In wineries, the process is not much different from what anyone can do at home, or what any monkey can do really.

Wine becomes wine from grapes because of the fermentation process instigated by yeast.

So, is grape juice just unfermented wine? Yes. Yes, it is.

Unfermented Wine versus Non-Alcoholic Wine

When it comes right down to it, unfermented wine means the grapes were never exposed to yeast as by its very nature fermentation requires

yeast. Thus, if you have no yeast, you have no fermentation, and you have grape juice, or, sure, you can also call it unfermented wine.

But what is most likely happening when people refer to unfermented wine, or ask questions like “is unfermented wine alcoholic?” is that some confusion is taking place between alcohol and fermentation.

You cannot have truly unfermented wine. It’s just grape juice. Wine, by definition, is fermented grape juice.

But! You can have non-alcoholic wine.

That’s right. There are actually several ways to extract the alcohol from wine once it has been fermented, or even manipulate the fermentation process so that the alcohol content is very low.

To make non-alcoholic wine, you would follow the same process as you would to make wine:

  • Crush grapes
  • Add yeast
  • Allow to ferment
  • Filter out all sediment

But instead of serving that wine to guests, you would now extract the alcohol created.

The first and most obvious way to remove the alcohol is to boil the wine, which will burn off all the alcohol.

Another way is to put the wine through reverse osmosis, a process that involves pressing the liquid through a sort of filter that separates larger molecules (alcohol) from smaller ones.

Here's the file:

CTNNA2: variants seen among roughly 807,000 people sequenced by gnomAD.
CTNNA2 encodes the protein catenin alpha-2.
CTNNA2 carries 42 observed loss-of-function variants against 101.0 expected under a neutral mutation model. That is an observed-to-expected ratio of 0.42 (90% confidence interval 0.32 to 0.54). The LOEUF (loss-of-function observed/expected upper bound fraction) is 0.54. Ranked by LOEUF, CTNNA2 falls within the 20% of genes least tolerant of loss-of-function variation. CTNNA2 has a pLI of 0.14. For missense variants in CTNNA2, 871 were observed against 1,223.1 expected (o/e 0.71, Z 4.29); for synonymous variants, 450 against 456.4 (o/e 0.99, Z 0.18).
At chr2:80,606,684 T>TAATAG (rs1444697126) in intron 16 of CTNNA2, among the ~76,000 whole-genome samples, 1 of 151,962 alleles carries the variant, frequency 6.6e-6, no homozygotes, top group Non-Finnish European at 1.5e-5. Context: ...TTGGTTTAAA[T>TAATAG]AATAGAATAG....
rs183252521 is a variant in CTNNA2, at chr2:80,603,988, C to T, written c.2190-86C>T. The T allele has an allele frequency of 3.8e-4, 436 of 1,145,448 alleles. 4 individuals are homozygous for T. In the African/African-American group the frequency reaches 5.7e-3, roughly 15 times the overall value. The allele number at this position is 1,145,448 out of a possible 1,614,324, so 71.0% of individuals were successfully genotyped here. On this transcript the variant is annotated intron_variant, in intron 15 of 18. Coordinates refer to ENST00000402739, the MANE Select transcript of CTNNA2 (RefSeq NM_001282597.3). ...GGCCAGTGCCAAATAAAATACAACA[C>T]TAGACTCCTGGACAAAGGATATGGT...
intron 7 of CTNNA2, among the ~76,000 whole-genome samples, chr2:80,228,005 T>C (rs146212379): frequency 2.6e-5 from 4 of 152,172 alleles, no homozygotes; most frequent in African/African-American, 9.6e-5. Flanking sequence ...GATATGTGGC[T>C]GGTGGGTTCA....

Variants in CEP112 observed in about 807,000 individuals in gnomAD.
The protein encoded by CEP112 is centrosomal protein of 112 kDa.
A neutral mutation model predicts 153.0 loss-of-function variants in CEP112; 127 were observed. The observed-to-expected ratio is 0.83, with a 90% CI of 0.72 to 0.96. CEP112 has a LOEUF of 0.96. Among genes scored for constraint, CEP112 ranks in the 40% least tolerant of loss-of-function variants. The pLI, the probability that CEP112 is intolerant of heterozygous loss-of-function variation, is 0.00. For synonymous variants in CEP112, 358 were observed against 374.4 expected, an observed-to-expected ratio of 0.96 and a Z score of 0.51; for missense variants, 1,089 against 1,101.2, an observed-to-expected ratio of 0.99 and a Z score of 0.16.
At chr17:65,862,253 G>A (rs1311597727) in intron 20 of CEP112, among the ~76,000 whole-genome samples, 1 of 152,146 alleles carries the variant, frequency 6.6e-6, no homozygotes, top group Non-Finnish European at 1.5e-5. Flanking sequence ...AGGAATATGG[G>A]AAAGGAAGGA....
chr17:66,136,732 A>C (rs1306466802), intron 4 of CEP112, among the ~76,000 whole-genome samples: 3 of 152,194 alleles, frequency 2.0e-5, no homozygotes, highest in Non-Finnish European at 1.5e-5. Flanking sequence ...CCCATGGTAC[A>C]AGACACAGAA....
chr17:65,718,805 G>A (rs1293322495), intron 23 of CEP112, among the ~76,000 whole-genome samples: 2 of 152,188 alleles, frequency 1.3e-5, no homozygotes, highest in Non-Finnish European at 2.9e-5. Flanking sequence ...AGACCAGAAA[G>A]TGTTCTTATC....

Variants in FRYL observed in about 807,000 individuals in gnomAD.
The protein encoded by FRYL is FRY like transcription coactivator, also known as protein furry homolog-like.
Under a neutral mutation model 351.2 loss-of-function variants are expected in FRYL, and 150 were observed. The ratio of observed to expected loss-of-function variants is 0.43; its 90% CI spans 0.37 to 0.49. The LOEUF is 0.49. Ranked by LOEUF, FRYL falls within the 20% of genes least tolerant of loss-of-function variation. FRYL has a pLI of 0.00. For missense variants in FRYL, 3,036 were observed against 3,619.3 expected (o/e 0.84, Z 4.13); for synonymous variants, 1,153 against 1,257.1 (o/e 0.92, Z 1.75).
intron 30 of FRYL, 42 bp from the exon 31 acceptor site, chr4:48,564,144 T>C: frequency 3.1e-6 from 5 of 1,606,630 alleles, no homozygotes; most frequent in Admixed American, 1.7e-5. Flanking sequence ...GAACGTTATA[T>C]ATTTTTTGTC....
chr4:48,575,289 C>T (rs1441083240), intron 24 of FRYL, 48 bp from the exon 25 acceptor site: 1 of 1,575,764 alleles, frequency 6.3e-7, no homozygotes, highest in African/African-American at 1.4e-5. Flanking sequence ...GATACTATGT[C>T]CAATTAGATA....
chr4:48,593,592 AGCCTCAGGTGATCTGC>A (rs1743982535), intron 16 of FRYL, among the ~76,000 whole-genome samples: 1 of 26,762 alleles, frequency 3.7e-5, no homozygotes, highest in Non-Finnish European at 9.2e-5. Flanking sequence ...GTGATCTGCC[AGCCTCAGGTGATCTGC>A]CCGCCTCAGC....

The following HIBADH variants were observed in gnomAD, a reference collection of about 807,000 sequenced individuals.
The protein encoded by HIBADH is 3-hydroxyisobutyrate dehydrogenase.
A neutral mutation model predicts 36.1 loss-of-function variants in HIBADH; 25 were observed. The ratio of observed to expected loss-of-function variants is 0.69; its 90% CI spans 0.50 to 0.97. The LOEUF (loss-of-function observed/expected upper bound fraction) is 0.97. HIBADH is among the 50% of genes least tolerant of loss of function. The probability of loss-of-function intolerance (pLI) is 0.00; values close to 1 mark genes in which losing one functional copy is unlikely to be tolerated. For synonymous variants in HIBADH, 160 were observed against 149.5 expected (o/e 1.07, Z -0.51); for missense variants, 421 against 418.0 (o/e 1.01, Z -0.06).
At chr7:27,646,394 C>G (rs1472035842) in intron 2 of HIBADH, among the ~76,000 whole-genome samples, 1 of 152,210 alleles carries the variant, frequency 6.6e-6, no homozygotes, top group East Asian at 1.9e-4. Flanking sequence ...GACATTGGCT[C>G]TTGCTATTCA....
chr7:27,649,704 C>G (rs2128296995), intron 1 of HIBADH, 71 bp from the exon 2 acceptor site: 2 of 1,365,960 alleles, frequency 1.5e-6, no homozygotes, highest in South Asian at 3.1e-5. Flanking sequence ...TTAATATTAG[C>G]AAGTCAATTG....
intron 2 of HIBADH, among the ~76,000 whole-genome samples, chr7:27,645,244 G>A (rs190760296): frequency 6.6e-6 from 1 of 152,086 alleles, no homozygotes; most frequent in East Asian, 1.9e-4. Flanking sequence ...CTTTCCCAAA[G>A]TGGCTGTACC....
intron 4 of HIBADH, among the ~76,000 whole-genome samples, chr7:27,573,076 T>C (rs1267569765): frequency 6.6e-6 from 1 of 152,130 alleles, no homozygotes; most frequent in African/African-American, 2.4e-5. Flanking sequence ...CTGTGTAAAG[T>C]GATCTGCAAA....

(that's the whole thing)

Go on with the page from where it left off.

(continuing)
Finally, you can manipulate the fermentation process to end up with a low alcohol wine by choosing less sweet grapes, slowing down fermentation either through temperature or pressure, or simply not adding any sugar to the juice beforehand (yes, some winemakers add sugar to increase alcohol content). All of these approaches will lower your ABV in your wine.

But, in the end, you will always have fermented wine. It’s kind of an oxymoron when you think about it. Fermented wine is redundant as wine is by its nature fermented.

So, it really depends on what you are looking for – unfermented wine or non-alcoholic wine. The first one you can get at pretty much any market. Just look for the label that says “grape juice.” The second is a little harder to find, but, thanks to more and more elimination diets, not impossible!

Cheers!

Passionate about the beer and/or wine making process? So are we! If you’re interested in finding out how you can use our technology to control fermentation and monitor your yeast, save work hours and improve the cost-efficiency of your business, drop us a line at sales@oculyze.net or check out our product pages:

Sources:

  1. https://blacktailnyc.com/how-to-make-organic-unfermented-wine/#3
  2. https://beclink.com/blog/how-its-made-nonalcoholic-wine-and-how-it-differs-from-juice/